A considerable number of requests such as papers in journals can be satisfied using the Rapid-ILL service. You can place requests yourself via the catalogue, iDiscover. Log into the catalogue using your crsid, and search for the item using the ‘articles and online resources’ option and ensure that the ‘expand beyond the library’s’ collections option is selected. Once the article has been found on the catalogue, you can request an electronic copy under the ‘get it’ section. Such requests are usually satisfied within 24 hours.

For more details on these services, please consult the guide or ask the librarian.

Borrowing and returning books

If you wish to borrow from the Computer Laboratory collection then you will need to be registered at the West Hub library. This should happen automatically for all current students, but if you have any concerns then please ask us for help. Once registered, you will be able to borrow books from the Computer Laboratory collection and other titles from the North Room. The self-service terminal is available immediately outside the North Room, where you can borrow and return books. If you encounter any difficulties then please ask at the information desk on the first floor.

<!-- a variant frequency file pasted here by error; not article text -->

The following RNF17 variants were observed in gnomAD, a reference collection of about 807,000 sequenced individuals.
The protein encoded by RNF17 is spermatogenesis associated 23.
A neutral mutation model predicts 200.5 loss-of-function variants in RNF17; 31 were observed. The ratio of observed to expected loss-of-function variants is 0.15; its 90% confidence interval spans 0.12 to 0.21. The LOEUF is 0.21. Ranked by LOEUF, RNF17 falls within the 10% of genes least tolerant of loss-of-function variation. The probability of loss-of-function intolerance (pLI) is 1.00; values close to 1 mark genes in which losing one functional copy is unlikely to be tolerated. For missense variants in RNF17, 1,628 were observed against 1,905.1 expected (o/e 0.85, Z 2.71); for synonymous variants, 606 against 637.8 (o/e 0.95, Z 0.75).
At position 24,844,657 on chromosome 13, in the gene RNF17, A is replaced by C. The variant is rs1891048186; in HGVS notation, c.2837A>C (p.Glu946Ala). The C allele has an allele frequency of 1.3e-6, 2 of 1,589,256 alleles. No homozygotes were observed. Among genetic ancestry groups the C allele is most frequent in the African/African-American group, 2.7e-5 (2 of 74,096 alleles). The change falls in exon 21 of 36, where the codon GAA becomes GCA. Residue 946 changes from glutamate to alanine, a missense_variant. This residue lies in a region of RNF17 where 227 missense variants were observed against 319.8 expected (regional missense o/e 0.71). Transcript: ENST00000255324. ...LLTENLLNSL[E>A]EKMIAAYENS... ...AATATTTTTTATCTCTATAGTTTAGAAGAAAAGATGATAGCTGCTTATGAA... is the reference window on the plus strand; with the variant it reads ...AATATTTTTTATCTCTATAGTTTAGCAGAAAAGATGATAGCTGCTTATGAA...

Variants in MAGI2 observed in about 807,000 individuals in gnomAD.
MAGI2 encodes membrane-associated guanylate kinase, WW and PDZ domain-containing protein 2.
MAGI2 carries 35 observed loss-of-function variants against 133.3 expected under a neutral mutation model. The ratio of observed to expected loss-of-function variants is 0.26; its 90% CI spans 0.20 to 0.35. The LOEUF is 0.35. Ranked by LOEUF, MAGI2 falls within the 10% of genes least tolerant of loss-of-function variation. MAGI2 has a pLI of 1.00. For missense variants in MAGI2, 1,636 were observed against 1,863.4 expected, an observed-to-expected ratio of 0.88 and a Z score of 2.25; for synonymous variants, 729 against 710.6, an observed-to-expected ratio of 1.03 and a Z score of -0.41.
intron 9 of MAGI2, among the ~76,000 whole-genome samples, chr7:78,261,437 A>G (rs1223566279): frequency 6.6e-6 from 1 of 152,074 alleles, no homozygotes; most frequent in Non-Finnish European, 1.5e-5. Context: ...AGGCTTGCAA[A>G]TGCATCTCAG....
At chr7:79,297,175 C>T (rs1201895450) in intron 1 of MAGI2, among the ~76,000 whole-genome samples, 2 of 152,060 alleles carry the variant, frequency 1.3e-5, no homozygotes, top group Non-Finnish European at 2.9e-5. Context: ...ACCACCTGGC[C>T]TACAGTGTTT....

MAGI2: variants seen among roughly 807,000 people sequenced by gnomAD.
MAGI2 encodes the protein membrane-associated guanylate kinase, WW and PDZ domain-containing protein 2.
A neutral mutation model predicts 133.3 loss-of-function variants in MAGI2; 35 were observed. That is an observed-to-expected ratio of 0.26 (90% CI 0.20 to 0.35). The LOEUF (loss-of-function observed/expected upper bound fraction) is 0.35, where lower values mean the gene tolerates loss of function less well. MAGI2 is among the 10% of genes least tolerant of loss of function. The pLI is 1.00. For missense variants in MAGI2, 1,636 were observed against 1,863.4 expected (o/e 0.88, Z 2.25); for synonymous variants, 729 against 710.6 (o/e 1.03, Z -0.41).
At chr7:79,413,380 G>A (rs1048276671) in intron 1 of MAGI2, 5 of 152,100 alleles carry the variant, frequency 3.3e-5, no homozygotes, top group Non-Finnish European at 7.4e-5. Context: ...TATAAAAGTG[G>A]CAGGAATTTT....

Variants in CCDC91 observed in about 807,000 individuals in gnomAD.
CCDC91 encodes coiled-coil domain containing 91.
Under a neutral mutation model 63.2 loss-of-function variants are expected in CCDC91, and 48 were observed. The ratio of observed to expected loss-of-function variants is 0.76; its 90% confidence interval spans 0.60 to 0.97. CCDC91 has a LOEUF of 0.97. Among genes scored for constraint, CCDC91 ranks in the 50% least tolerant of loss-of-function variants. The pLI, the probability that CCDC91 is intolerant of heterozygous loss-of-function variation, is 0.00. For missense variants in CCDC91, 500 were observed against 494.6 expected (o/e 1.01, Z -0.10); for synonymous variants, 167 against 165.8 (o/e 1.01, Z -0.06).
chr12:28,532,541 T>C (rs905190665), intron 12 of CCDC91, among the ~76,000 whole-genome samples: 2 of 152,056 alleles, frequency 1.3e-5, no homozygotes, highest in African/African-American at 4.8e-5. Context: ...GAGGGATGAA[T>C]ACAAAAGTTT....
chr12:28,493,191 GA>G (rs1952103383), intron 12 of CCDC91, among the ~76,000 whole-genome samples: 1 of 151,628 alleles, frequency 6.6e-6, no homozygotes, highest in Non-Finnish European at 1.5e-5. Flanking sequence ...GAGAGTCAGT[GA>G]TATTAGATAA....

All books borrowed from the West Hub library will be issued for four weeks. Beyond this time, books will be renewed automatically as long as they have not been requested by another reader.

To avoid inconvenience to others, please make every effort to return books promptly when you have finished using them, or if you have been asked to do so. You may either return items using the self-service terminal, use the book drop facility outside the revolving door, or bring them to the information desk on the first floor.